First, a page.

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Instability Surmised as North Korea Executes Kim Jong Un’s Uncle

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Posted on Dec 13, 2013
Mindsay Mohan (CC BY-ND 2.0)

Kim Jong Un’s government executed the leader’s uncle for treason on charges of plotting a coup, attempting to reform the currency, distributing pornography and more, and experts are divided over whether the violence indicates Kim “was consolidating his power ruthlessly—or that powerful groups within the elite were jockeying for power,” The Guardian reports.

Before his ousting, Jang Song-thaek was one of North Korea’s most powerful figures, regarded as a mentor to the youthful leader. State media announced the Jang’s fall from power in “thundering, vitriolic” fashion. Expert observers are trying to understand why the normally secretive government has made the case so public.

The Guardian reports:

Accusations of factionalism or scheming are not in themselves new. “The most surprising and unprecedented thing is not that someone was planning to overthrow the state … but the implication that he had a substantial number of followers. That’s the first ever official admission of significant disunity in the North Korean state itself,” said Brian Myers, an expert on ideology at Dongseo University in Busan.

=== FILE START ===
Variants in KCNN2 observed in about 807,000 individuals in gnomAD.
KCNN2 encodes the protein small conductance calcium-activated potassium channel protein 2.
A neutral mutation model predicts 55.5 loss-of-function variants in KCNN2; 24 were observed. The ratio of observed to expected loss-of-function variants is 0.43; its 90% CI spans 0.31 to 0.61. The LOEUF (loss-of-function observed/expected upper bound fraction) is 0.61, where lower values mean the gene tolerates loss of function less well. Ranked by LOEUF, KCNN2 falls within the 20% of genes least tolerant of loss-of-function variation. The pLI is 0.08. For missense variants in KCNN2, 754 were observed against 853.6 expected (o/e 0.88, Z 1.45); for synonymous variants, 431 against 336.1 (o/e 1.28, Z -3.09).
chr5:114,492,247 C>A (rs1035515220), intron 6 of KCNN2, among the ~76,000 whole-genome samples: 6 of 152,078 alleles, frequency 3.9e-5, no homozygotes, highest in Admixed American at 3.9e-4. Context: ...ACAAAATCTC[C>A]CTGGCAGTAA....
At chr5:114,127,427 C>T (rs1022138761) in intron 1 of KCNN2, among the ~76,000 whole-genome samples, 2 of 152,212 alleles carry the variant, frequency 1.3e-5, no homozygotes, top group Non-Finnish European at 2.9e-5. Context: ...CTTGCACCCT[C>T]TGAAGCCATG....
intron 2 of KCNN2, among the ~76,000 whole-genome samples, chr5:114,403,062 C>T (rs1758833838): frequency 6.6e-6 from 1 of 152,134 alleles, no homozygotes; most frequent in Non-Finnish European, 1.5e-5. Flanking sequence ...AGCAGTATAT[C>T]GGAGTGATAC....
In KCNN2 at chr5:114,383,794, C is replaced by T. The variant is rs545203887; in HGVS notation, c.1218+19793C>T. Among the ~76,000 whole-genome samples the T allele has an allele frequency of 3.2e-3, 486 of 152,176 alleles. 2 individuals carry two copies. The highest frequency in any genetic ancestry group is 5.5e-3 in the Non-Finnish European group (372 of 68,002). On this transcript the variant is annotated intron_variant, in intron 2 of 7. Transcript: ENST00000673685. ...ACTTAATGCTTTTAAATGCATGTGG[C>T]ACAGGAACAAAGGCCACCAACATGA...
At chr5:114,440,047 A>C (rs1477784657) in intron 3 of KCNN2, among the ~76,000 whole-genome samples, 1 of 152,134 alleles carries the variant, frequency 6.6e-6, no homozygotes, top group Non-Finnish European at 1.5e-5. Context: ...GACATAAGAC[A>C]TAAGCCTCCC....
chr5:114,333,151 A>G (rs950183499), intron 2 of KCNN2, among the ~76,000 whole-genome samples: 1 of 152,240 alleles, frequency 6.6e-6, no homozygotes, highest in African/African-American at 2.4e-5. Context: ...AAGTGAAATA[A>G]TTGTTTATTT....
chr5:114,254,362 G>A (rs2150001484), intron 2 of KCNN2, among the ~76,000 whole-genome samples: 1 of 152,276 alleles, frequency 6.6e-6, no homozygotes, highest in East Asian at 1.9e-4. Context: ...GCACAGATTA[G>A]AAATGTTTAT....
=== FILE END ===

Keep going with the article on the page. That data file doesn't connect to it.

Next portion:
The lengthy, bombastic and at times downright bizarre report from KCNA took a scattershot approach to Jang’s crimes. It quoted an alleged admission by Jang that he sought to destabilise the country, triggering discontent among the military and others. He planned to become premier if North Korea approached collapse and use illicitly acquired wealth to ensure that “the people and service personnel will shout ‘hurrah’ for me” and his coup would succeed smoothly.

It also claimed he pursued a “decadent capitalist lifestyle” – squandering at least €4.6m in 2009 alone, including in a foreign casino – and deliberately hampered construction projects in Pyongyang.

Whatever the reason and whoever is responsible for Jang’s demise, more purges and executions are expected to follow. Jang’s name was edited from archives of state media reports and other names have vanished as well.

—Posted by Alexander Reed Kelly.

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